Robust regulation is needed to overcome market inefficiencies and address information asymmetry. It is needed to protect those who are in a disadvantaged position relative to other players in a market.
However, over the past two decades, advice and services, including those traditionally provided by professional accountants, have become increasingly regulated. This has been through a combination of new legislation and regulations or continual amendments and additions to existing obligations.
Often these reforms appear to be implemented in isolation, sometimes duplicating existing regulation, without considering existing legislative obligations, interaction with other regulatory regimes or how multiple reforms may impact on the provision of advice and services and importantly the associated compliance burden and cost.
The principles of good regulation often appear to have been forgotten, given the proportional impact on the smaller end of the market.
What is often also missed is the fact many of these recent legislative reforms have and are impacting on the same groups, including professional accountants providing advisory services to their clients, many of whom are consumers themselves and also small to medium-sized enterprise (SME) or business owners.
For example, the definition of a tax agent service in the Tax Agents Services Act 2009 was deemed to capture the tax consequences of financial product advice provided by financial advisers. This resulted in financial advisers being required to register as a tax financial adviser (TFA) with the Tax Practitioners Board (TPB). If the financial adviser is authorised to provide the advice under a corporate authorised representative (CAR) structure, they must also register the CAR as a TFA. Where the financial adviser is a professional accountant, it is common for their practice to also be registered as a company tax agent.
This means three registrations are needed to provide professional tax agent services to the one client.
Additionally, where a professional accountant is licensed to provide financial product advice, they are prohibited, in their capacity as a professional accountant, from providing advice to clients about how they can comply with superannuation legislation. Rather, the Australian Securities and Investments Commission (ASIC) requires this advice to be provided in their capacity as a financial adviser, resulting in higher costs to their client.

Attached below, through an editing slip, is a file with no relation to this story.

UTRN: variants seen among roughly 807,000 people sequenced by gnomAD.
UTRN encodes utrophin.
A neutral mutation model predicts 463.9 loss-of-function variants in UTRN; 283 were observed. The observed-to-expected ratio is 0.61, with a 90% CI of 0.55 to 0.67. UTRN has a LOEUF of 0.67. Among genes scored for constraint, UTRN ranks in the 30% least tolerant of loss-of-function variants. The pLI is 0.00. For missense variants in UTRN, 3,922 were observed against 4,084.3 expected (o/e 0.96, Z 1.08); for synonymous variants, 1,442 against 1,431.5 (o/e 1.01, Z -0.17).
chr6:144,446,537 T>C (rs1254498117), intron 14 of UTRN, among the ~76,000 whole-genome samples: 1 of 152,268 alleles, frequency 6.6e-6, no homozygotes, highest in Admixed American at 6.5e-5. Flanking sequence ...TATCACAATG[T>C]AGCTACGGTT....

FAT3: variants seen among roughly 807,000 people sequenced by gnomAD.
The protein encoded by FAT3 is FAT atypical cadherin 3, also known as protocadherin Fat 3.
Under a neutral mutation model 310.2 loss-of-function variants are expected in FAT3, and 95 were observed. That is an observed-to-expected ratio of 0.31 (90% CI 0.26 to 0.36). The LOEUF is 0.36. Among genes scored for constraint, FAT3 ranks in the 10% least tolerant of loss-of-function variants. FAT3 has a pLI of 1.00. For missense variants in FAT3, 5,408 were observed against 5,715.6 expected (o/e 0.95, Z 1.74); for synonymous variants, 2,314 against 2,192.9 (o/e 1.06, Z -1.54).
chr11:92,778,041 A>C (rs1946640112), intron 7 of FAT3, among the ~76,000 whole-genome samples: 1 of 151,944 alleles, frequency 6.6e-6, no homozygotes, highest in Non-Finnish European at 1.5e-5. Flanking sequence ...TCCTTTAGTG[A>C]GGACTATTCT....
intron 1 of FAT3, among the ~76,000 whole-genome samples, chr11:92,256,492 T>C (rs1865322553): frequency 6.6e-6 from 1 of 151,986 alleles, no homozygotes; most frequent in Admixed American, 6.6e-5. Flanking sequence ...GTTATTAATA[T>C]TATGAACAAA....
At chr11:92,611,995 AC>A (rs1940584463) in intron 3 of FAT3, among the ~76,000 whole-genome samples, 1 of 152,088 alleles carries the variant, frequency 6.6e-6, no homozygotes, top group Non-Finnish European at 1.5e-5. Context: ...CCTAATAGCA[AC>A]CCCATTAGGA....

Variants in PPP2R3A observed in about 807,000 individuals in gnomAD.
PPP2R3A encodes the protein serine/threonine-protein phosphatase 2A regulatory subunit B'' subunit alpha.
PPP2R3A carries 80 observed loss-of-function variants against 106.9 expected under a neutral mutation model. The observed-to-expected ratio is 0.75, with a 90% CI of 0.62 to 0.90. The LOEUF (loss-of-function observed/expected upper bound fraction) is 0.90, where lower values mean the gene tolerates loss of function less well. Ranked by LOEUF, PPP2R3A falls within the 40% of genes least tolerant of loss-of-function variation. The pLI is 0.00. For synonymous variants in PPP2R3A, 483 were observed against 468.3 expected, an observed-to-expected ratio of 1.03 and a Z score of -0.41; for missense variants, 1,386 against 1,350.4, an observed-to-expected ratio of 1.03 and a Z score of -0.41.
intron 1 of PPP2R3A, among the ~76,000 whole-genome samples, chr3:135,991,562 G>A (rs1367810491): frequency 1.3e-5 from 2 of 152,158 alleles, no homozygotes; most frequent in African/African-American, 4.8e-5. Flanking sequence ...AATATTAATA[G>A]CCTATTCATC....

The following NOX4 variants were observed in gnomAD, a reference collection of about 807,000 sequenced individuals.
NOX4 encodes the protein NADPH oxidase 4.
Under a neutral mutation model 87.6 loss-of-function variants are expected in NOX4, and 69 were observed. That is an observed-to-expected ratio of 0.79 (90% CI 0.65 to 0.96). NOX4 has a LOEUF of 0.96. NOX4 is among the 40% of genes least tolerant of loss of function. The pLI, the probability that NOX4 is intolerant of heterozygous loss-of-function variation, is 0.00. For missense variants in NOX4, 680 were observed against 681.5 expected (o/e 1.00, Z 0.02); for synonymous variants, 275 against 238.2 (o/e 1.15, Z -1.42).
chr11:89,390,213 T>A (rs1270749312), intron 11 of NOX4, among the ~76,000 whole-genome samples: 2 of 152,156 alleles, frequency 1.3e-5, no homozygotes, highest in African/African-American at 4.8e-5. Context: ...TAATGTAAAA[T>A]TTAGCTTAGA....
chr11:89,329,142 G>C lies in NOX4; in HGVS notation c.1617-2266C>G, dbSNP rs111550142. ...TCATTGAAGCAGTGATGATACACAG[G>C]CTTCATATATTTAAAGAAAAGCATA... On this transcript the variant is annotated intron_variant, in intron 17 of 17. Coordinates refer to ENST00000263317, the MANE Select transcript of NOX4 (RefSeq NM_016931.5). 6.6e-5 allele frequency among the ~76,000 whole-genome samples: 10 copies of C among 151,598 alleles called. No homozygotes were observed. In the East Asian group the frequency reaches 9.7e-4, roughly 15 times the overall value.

This complex legislative framework is difficult to understand and navigate. It also results in increased costs and time burden to provide the same services to their clients.
The recent implementation of the ASIC Industry Funding Model is a further example of a reform that has significantly increased compliance costs for those ASIC regulates.
While the objective of the majority of these reforms has been to ensure robust and effective consumer protections are in place, one of the consequences is seeking advice and services has become more complex and costly, pushing it out of reach for many consumers.
Concurrently, we know from CPA Australia member feedback and broader surveys of the sector that it is also forcing many advisers to reconsider whether they continue to provide advisory services. For others it imposes a barrier to entry for those considering whether to expand their practice or move into advisory services.
It is worth noting the broader regulatory impact is being felt by larger participants. Westpac, for example, recently announced it will withdraw from the personal financial planning market as the layers of regulation have made this space unprofitable for its business.
In light of all these factors it is time to rethink the regulatory framework and to create one that enables and encourages the provision of affordable, independent quality advice by professionals and seeks to engage and inform, not overwhelm, the consumer in the process.
We need to identify how we can reduce legislative complexity and harmonise obligations to remove inefficiencies and associated costs, yet provide real and effective consumer protections to encourage the broader community to seek advice. Consideration must also be given to how regulators can be more effective and efficient in their oversight of the sector, especially when, for example, ASIC’s costs are largely borne by professional service providers and passed onto consumers through the cost of seeking advice.
It’s time to rethink regulation and improve access to quality advice. To this end, CPA Australia has launched a new project, Rethinking advisory regulation – Improving access to advice. Working with our members, consumers and small business, we will explore and identify the changes needed to address the growing issues of complexity and inefficiencies in our current regulatory market and improve access to quality advice in the client’s best interests.